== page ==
Former MLB Investigator Says PED Use Remains Rampant in League, Questions Sport Integrity
Posted on: August 29, 2018, 07:16h.
Last updated on: August 29, 2018, 07:16h.
A former MLB investigator says in a shocking new tell-all book that the use of performance-enhancing drugs (PED) in professional baseball is stronger than ever.
Eddie Dominguez was employed as an MLB investigator and security agent for the Boston Red Sox during the 1990s and 2000s. He writes in “Baseball Cop: The Dark Side of America’s National Pastime” that the majority of players are still using PEDs despite the league’s public narrative that its strict policies have largely eradicated drug use.
“I would say 70 percent of players who have been in the league a year are using upper-echelon PEDs that can’t be detected,” an anonymous doctor who was found guilty of distributing PEDs told Dominguez.
Think about it, so many guys have been using anabolic steroids and now they beat the home run record?” the doctor asked. “How does that happen? Did they change the trajectory of the ball? Did they do something to the inside of the ball? There’s definitely something going on.”
Dominguez’s book brings the integrity of baseball into question, a topic that’s been much discussed in the wake of sports betting expanding throughout the US.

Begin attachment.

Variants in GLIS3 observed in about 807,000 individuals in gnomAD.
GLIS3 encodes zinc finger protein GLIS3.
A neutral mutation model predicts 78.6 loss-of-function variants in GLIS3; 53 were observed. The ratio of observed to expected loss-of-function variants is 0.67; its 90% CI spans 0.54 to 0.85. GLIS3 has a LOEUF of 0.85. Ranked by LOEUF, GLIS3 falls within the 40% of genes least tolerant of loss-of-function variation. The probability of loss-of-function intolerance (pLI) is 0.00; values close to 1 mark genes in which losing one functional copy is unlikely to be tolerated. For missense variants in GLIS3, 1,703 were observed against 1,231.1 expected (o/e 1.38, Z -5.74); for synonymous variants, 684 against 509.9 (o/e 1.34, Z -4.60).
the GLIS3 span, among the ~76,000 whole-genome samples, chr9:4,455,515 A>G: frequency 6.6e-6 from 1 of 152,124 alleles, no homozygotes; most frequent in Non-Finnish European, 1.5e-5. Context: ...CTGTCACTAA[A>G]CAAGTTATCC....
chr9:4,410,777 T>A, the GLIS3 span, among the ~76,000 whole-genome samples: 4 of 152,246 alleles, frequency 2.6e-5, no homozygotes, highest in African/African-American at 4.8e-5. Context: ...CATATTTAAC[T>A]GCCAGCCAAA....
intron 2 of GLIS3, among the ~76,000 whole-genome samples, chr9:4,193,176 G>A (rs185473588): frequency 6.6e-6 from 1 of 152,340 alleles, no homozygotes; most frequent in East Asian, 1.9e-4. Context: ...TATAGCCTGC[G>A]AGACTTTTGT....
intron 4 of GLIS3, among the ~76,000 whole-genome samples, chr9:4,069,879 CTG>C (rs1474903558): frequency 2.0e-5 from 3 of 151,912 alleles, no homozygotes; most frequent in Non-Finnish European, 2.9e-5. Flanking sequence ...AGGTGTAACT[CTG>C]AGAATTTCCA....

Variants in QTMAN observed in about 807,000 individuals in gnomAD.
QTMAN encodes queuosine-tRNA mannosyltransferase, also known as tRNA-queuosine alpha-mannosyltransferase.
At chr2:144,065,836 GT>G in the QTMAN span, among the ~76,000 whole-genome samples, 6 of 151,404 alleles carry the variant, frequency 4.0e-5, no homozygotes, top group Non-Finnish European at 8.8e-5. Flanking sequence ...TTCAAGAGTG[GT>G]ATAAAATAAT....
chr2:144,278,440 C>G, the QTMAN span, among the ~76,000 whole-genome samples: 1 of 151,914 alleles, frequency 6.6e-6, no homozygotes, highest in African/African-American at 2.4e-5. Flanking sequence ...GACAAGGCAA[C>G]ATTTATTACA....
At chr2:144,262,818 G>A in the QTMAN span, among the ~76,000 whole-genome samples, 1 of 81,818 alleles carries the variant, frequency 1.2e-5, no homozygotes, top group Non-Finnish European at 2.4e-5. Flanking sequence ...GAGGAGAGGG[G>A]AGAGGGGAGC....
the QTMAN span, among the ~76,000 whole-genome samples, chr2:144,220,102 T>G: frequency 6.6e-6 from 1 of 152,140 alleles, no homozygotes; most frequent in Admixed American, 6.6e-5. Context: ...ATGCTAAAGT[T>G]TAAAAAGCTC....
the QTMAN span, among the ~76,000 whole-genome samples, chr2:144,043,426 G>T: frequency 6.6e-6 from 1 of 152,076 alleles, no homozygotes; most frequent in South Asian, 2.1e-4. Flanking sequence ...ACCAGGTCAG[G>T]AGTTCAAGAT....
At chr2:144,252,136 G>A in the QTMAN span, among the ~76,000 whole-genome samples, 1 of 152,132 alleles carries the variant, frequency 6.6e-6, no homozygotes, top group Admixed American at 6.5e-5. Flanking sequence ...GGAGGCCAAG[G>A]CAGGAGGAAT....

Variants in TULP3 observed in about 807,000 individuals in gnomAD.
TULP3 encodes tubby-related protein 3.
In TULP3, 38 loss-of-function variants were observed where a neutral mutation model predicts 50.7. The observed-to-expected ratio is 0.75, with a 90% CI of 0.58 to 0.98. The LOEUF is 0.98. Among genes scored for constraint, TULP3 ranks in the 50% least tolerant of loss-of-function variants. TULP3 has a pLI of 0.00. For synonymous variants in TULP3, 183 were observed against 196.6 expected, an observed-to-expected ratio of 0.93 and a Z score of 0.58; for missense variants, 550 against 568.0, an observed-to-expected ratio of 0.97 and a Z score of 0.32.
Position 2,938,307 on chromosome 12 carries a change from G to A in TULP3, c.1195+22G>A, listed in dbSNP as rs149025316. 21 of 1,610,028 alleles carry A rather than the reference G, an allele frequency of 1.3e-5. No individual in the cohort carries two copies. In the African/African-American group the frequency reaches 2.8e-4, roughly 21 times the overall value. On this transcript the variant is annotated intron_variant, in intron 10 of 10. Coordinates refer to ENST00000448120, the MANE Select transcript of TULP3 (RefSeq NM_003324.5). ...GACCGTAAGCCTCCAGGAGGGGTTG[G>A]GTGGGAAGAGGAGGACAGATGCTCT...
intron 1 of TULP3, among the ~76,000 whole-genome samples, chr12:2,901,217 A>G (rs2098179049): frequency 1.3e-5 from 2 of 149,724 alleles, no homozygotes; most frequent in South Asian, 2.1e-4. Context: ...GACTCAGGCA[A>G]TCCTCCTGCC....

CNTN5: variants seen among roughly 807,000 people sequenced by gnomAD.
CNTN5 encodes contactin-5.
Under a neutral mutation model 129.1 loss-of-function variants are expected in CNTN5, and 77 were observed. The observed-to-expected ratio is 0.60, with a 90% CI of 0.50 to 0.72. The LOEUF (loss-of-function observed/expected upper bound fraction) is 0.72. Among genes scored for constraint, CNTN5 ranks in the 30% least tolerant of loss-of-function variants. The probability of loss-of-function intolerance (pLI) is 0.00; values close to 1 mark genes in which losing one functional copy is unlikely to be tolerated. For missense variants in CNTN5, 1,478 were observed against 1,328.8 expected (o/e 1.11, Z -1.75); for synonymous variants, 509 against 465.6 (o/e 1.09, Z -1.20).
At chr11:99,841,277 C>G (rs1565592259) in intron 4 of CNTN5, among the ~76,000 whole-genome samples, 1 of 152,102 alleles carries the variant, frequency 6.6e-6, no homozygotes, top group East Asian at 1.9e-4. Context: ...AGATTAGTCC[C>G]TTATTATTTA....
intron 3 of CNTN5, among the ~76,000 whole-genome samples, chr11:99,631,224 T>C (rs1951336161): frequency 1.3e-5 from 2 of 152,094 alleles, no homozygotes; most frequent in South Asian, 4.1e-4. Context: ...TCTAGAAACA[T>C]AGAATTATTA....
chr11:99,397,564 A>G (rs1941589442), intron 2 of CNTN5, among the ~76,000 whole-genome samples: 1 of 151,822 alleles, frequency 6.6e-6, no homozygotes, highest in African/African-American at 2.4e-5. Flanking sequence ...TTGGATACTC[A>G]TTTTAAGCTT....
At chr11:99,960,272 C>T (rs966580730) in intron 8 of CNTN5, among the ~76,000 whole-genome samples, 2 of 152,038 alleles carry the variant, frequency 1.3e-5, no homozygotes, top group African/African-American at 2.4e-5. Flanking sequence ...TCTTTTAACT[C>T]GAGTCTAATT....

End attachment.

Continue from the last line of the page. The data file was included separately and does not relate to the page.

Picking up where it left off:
The Supreme Court ruled in a 6-3 decision in May that the federal prohibition that banned sports betting in all but Nevada and three other states violated the US Constitution. The repeal opened up the floodgates for states to determine their own laws on the gambling activity.
Sports leagues including MLB have voiced grave concerns that the expansion of gambling on games will jeopardize integrity. They argue players, coaches, and team staff might become more susceptible to taking a bribe.
Critics say legal sports betting makes it easier to detect suspicious activity. And those who want to gamble on sports have long found access to bookies prior to the SCOTUS decision.
Dominguez says one of Boston’s most beloved players had a documented sports gambler in his entourage. David Ortiz’s friend, known as “Monga,” is said to have wagered thousands of dollars against the Red Sox in 2005.
Dominguez claims when he approached Ortiz about the bets, the star denied the allegations, but said he would talk to Monga to make sure any gambling stopped immediately.
MLB Commissioner Rob Manfred took over a rather scandal-laden league when he succeeded Bud Selig in 2015.
Despite the league implementing the Joint Drug Prevention and Treatment Program in 2005, which sought to deter and end the use of PEDs, widespread drug use continued. Dominguez claims Alex Rodriguez, who led the American League in homeruns hit in five years between 2001 and 2007, was targeted by Manfred.
A book excerpt states that Manfred wanted to take down A-Rod because “he would get the most publicity,” and the league cracking down on its biggest star would show its commitment to ridding PED use. Rodriguez later admitted to using steroids, and was suspended for 162 games.